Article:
Since starting his season in round six, Manly gun Tom Trbojevic has certainly made up for lost time.
The Sea Eagles and Blues superstar has sparked a stunning turnaround for his club side and played a leading role in NSW's 2-1 Origin triumph.
Making his Origin heroics even more remarkable is the fact he played out of position in the centres because the Blues boast another of the game's elite talents, James Tedesco, at fullback.
Such has been Turbo's dominance in 2021 that many now consider him to be the game's best player, but he has plenty of worthy rivals for that tag.
For & Against - Tommy Turbo is the NRL's best player
For - NRL.com senior journalist Martin Lenehan
When it comes to hot streaks, they don't come any hotter than Tom Trbojevic's run since he returned from a hamstring injury on April 17.
With the Sea Eagles floundering at 1-4 and conceding 34 points per game, they welcomed back their champion No.1 for a must-win clash with the Titans in Mudgee.
What unfolded at the picturesque Glen Willow Oval was one of the finest individual performances of 2021as Turbo ran for 189 metres, had two line breaks, two try assists and four tackle breaks to single-handedly destroy the Gold Coast and breathe life into Manly's season.
Tom Trbojevic claims Wally Lewis Medal
A week later against Wests Tigers, Tommy upped the ante again with 210 metres gained, five tackle breaks, two line breaks, two try assists and one almighty statement.
Since then the wins and the superlatives have kept flowing as the Sea Eagles have climbed to sixth on the ladder and their No.1 gun has staked an undeniable claim to the tag of "game's best player".
At 194cm and 102kg, Trbojevic has the strength to play in the front line and take a hit-up when his fowards need a rest or power over for a try from close range.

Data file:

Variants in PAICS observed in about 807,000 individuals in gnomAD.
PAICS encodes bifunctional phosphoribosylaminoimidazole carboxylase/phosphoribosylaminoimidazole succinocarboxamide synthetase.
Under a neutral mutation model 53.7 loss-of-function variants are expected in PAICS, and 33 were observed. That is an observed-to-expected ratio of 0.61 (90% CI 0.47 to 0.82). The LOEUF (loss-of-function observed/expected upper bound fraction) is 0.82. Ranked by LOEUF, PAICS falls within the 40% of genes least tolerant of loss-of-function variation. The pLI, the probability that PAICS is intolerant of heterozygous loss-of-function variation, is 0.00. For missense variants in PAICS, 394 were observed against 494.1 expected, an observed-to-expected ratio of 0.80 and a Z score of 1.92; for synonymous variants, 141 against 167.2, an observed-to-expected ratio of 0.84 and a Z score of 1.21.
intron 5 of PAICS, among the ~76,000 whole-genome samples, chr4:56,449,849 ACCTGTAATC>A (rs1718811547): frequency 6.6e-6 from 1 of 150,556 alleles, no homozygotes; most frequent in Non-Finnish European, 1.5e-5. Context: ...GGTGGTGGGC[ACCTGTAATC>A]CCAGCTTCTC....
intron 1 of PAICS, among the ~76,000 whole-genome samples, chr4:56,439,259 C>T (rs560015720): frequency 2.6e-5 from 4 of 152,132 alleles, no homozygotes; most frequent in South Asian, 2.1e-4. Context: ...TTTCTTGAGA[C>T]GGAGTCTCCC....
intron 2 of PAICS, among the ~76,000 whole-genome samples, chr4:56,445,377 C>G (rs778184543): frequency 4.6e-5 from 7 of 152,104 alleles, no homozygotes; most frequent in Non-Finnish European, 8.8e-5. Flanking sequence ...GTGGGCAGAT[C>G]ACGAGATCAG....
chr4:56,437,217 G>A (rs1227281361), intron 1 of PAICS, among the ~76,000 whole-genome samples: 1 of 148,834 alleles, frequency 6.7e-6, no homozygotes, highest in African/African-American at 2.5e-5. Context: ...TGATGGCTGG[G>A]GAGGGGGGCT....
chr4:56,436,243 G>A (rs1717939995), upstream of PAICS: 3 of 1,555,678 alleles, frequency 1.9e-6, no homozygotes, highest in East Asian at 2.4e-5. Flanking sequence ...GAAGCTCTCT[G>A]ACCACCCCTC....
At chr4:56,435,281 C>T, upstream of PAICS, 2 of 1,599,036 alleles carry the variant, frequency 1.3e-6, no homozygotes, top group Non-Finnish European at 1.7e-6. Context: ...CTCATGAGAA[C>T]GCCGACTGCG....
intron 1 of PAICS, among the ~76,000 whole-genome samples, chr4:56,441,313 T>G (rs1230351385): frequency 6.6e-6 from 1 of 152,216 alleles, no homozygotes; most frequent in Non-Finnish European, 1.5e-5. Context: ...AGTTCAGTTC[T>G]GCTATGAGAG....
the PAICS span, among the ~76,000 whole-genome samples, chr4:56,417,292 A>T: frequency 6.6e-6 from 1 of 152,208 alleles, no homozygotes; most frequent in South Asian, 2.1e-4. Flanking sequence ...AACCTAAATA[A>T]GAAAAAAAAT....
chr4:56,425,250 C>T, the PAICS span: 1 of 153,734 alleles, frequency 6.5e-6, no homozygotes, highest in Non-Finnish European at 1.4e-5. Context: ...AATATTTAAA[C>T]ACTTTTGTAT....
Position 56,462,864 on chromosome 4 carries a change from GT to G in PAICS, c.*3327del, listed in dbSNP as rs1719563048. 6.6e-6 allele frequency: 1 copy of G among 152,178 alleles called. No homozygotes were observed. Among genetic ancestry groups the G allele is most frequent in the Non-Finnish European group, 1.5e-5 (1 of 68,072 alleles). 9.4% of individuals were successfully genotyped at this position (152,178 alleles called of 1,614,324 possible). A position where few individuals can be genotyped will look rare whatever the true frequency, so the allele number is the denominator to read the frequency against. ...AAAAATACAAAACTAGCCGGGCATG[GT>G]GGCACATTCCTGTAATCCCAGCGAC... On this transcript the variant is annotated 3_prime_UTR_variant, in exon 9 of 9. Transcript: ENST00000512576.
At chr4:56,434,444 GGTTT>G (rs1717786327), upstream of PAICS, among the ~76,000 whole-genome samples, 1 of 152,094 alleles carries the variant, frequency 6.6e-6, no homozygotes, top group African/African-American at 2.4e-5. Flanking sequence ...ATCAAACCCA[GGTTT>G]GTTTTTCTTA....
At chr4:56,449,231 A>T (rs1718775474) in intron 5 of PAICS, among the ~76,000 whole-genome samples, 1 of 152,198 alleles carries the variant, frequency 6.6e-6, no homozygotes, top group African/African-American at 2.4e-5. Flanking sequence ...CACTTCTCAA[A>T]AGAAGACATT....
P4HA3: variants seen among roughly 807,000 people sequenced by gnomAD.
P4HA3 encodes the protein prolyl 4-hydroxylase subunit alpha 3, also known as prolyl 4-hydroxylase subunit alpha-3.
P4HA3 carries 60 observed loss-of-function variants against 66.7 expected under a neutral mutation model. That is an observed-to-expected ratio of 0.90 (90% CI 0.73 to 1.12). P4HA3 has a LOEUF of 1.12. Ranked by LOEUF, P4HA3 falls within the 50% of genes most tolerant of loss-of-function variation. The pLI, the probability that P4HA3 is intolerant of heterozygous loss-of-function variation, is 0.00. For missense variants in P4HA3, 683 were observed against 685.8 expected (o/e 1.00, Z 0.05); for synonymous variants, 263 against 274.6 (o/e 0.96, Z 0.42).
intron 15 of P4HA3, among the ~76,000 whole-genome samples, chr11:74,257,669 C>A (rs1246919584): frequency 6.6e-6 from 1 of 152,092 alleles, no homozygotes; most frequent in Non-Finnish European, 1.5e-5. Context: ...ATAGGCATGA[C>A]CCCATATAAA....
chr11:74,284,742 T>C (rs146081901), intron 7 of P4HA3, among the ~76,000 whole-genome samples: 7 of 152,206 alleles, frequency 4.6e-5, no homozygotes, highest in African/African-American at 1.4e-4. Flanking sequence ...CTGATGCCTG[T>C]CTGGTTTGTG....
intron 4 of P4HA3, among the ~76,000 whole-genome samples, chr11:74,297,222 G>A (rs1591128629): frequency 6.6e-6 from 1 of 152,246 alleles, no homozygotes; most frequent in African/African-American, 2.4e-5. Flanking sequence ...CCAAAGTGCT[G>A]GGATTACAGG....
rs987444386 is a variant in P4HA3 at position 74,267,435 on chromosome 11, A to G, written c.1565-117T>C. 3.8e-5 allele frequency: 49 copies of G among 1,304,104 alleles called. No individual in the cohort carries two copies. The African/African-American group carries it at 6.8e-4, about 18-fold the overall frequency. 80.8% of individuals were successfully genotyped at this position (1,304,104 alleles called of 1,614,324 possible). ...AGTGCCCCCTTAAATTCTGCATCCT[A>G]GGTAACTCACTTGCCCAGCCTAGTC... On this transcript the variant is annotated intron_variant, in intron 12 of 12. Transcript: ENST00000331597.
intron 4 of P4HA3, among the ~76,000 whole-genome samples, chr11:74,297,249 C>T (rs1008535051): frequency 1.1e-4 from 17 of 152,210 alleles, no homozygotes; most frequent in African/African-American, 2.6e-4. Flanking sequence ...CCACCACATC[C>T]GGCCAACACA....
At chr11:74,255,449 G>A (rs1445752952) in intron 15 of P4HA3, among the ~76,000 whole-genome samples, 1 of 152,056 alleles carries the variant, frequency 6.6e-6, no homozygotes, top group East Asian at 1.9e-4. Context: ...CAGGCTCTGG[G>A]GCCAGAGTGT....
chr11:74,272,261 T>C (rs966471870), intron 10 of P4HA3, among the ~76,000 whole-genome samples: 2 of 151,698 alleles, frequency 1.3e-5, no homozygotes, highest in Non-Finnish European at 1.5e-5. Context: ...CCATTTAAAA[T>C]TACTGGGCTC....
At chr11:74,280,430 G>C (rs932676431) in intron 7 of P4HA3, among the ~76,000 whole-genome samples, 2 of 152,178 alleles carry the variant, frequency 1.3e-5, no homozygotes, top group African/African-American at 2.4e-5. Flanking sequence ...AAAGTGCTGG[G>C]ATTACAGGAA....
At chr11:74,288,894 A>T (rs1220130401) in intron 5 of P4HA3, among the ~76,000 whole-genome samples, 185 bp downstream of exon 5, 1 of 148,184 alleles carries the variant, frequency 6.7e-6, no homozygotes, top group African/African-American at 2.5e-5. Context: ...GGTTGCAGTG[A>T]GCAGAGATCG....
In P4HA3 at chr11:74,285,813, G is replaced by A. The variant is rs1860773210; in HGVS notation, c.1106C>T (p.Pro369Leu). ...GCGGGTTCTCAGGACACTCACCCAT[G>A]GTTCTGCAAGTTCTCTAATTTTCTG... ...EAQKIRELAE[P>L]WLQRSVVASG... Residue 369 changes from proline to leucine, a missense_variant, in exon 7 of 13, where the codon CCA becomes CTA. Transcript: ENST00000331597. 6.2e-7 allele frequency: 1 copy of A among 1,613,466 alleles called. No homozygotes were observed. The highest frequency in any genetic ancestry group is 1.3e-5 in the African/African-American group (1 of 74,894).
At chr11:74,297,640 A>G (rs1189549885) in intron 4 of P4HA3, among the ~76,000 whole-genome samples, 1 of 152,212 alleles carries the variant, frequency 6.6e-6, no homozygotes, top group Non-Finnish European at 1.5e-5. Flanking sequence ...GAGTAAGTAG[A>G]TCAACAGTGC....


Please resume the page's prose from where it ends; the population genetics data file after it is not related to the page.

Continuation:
He has the speed to match motors with the game's quickest men and he has the vision and passing skills of the elite playmakers.
His incredible array of skills have been on show as Manly have emerged as dark horses for the title with nine wins in the 12 games since his return.
Such is the confidence he has instilled in his teammates, two of those victories came in the matches he sat out, against North Queensland in round 14 and the Dragons in round 18.
The decision by Hasler to rest his main man after the first and third Origin games was both astute and well earned, with Turbo sliding into the centres in a star-studded Blues backline and setting the series alight to claim the Wally Lewis Medal.
Saab unleashed and Turbo looms up inside to score
Among the other contenders for the player of the series honour were his Blues buddies Tedesco and Latrell Mitchell, two men who also feature heavily in the conversation when talk turns to the NRL's best player.
Tedesco's CV includes a Dally M Medal and Wally Lewis Medal in 2019 when he spearheaded the Roosters' premiership drive and the Blues' Origin success.
Mitchell is one of those freakish athletes who can turn a game on its head in a twinkling with a tackle-busting surge or miracle offload, like the one he delivered to Daniel Tupou in the 2019 decider to set up the mach-winner for Tedesco.